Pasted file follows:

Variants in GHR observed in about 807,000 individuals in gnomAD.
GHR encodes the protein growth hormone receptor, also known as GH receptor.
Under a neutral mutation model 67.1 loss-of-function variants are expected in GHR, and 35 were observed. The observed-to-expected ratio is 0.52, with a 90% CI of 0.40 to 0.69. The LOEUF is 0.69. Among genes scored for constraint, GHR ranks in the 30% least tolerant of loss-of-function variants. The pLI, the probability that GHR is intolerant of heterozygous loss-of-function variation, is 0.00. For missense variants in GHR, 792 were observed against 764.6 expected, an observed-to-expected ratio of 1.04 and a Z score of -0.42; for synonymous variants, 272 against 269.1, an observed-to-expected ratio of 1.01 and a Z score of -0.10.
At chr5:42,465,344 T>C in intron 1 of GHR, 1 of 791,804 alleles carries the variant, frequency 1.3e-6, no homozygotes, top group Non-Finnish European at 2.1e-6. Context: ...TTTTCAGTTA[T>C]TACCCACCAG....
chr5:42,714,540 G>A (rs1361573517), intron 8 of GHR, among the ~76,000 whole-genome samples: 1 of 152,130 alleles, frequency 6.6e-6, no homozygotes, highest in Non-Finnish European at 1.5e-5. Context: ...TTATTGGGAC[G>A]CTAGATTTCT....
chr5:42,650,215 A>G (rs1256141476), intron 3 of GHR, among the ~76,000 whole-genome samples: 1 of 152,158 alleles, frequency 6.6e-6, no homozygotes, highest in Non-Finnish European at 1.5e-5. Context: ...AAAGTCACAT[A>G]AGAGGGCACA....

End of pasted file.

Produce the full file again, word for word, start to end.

Variants in GHR observed in about 807,000 individuals in gnomAD.
GHR encodes the protein growth hormone receptor, also known as GH receptor.
Under a neutral mutation model 67.1 loss-of-function variants are expected in GHR, and 35 were observed. The observed-to-expected ratio is 0.52, with a 90% CI of 0.40 to 0.69. The LOEUF is 0.69. Among genes scored for constraint, GHR ranks in the 30% least tolerant of loss-of-function variants. The pLI, the probability that GHR is intolerant of heterozygous loss-of-function variation, is 0.00. For missense variants in GHR, 792 were observed against 764.6 expected, an observed-to-expected ratio of 1.04 and a Z score of -0.42; for synonymous variants, 272 against 269.1, an observed-to-expected ratio of 1.01 and a Z score of -0.10.
At chr5:42,465,344 T>C in intron 1 of GHR, 1 of 791,804 alleles carries the variant, frequency 1.3e-6, no homozygotes, top group Non-Finnish European at 2.1e-6. Context: ...TTTTCAGTTA[T>C]TACCCACCAG....
chr5:42,714,540 G>A (rs1361573517), intron 8 of GHR, among the ~76,000 whole-genome samples: 1 of 152,130 alleles, frequency 6.6e-6, no homozygotes, highest in Non-Finnish European at 1.5e-5. Context: ...TTATTGGGAC[G>A]CTAGATTTCT....
chr5:42,650,215 A>G (rs1256141476), intron 3 of GHR, among the ~76,000 whole-genome samples: 1 of 152,158 alleles, frequency 6.6e-6, no homozygotes, highest in Non-Finnish European at 1.5e-5. Context: ...AAAGTCACAT[A>G]AGAGGGCACA....